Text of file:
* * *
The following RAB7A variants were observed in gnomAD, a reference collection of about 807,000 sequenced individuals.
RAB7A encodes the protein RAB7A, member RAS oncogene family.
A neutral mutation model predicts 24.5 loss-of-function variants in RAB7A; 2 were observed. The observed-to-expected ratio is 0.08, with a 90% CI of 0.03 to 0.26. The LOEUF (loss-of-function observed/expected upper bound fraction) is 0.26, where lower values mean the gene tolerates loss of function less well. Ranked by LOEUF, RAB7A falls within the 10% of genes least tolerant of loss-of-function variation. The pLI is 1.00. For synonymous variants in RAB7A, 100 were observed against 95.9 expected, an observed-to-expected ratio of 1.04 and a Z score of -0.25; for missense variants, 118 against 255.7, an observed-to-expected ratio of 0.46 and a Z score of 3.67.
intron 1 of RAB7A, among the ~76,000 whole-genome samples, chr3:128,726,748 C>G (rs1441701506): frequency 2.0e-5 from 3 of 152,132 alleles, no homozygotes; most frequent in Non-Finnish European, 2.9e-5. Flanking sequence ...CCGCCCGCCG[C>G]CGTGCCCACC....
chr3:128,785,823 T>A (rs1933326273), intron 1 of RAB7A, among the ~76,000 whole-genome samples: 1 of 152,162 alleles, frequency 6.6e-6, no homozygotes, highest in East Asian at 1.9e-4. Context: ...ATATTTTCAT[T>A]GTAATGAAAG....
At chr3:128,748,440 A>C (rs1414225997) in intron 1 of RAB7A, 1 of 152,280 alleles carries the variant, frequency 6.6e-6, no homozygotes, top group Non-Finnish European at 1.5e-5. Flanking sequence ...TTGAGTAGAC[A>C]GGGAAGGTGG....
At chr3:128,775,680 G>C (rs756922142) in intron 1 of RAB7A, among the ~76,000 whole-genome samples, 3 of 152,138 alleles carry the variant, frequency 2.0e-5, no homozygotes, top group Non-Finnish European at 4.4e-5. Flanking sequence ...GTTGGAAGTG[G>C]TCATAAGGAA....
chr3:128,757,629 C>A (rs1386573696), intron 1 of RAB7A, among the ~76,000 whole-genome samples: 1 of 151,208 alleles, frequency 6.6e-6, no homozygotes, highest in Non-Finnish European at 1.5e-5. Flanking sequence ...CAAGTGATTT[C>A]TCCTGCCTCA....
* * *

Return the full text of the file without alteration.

The following RAB7A variants were observed in gnomAD, a reference collection of about 807,000 sequenced individuals.
RAB7A encodes the protein RAB7A, member RAS oncogene family.
A neutral mutation model predicts 24.5 loss-of-function variants in RAB7A; 2 were observed. The observed-to-expected ratio is 0.08, with a 90% CI of 0.03 to 0.26. The LOEUF (loss-of-function observed/expected upper bound fraction) is 0.26, where lower values mean the gene tolerates loss of function less well. Ranked by LOEUF, RAB7A falls within the 10% of genes least tolerant of loss-of-function variation. The pLI is 1.00. For synonymous variants in RAB7A, 100 were observed against 95.9 expected, an observed-to-expected ratio of 1.04 and a Z score of -0.25; for missense variants, 118 against 255.7, an observed-to-expected ratio of 0.46 and a Z score of 3.67.
intron 1 of RAB7A, among the ~76,000 whole-genome samples, chr3:128,726,748 C>G (rs1441701506): frequency 2.0e-5 from 3 of 152,132 alleles, no homozygotes; most frequent in Non-Finnish European, 2.9e-5. Flanking sequence ...CCGCCCGCCG[C>G]CGTGCCCACC....
chr3:128,785,823 T>A (rs1933326273), intron 1 of RAB7A, among the ~76,000 whole-genome samples: 1 of 152,162 alleles, frequency 6.6e-6, no homozygotes, highest in East Asian at 1.9e-4. Context: ...ATATTTTCAT[T>A]GTAATGAAAG....
At chr3:128,748,440 A>C (rs1414225997) in intron 1 of RAB7A, 1 of 152,280 alleles carries the variant, frequency 6.6e-6, no homozygotes, top group Non-Finnish European at 1.5e-5. Flanking sequence ...TTGAGTAGAC[A>C]GGGAAGGTGG....
At chr3:128,775,680 G>C (rs756922142) in intron 1 of RAB7A, among the ~76,000 whole-genome samples, 3 of 152,138 alleles carry the variant, frequency 2.0e-5, no homozygotes, top group Non-Finnish European at 4.4e-5. Flanking sequence ...GTTGGAAGTG[G>C]TCATAAGGAA....
chr3:128,757,629 C>A (rs1386573696), intron 1 of RAB7A, among the ~76,000 whole-genome samples: 1 of 151,208 alleles, frequency 6.6e-6, no homozygotes, highest in Non-Finnish European at 1.5e-5. Flanking sequence ...CAAGTGATTT[C>A]TCCTGCCTCA....